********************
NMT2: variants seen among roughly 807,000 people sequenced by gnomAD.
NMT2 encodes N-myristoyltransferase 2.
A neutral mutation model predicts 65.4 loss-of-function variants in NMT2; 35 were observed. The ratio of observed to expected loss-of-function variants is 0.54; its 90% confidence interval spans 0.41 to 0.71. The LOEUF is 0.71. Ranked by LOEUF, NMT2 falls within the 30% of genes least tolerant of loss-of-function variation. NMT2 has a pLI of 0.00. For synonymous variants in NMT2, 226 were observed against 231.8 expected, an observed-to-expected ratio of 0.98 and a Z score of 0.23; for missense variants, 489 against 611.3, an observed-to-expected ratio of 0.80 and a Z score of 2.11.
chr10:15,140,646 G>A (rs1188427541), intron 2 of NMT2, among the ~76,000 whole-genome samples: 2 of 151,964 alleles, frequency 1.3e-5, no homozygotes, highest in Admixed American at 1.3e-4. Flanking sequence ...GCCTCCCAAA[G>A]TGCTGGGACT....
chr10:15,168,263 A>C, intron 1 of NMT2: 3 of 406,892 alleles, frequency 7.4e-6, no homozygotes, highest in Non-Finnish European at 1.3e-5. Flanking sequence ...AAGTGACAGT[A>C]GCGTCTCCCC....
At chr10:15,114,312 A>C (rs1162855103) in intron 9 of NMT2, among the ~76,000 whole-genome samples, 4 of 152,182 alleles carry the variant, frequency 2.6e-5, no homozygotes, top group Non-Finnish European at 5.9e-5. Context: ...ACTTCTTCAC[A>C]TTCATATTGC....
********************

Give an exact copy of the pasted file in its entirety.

NMT2: variants seen among roughly 807,000 people sequenced by gnomAD.
NMT2 encodes N-myristoyltransferase 2.
A neutral mutation model predicts 65.4 loss-of-function variants in NMT2; 35 were observed. The ratio of observed to expected loss-of-function variants is 0.54; its 90% confidence interval spans 0.41 to 0.71. The LOEUF is 0.71. Ranked by LOEUF, NMT2 falls within the 30% of genes least tolerant of loss-of-function variation. NMT2 has a pLI of 0.00. For synonymous variants in NMT2, 226 were observed against 231.8 expected, an observed-to-expected ratio of 0.98 and a Z score of 0.23; for missense variants, 489 against 611.3, an observed-to-expected ratio of 0.80 and a Z score of 2.11.
chr10:15,140,646 G>A (rs1188427541), intron 2 of NMT2, among the ~76,000 whole-genome samples: 2 of 151,964 alleles, frequency 1.3e-5, no homozygotes, highest in Admixed American at 1.3e-4. Flanking sequence ...GCCTCCCAAA[G>A]TGCTGGGACT....
chr10:15,168,263 A>C, intron 1 of NMT2: 3 of 406,892 alleles, frequency 7.4e-6, no homozygotes, highest in Non-Finnish European at 1.3e-5. Flanking sequence ...AAGTGACAGT[A>C]GCGTCTCCCC....
At chr10:15,114,312 A>C (rs1162855103) in intron 9 of NMT2, among the ~76,000 whole-genome samples, 4 of 152,182 alleles carry the variant, frequency 2.6e-5, no homozygotes, top group Non-Finnish European at 5.9e-5. Context: ...ACTTCTTCAC[A>C]TTCATATTGC....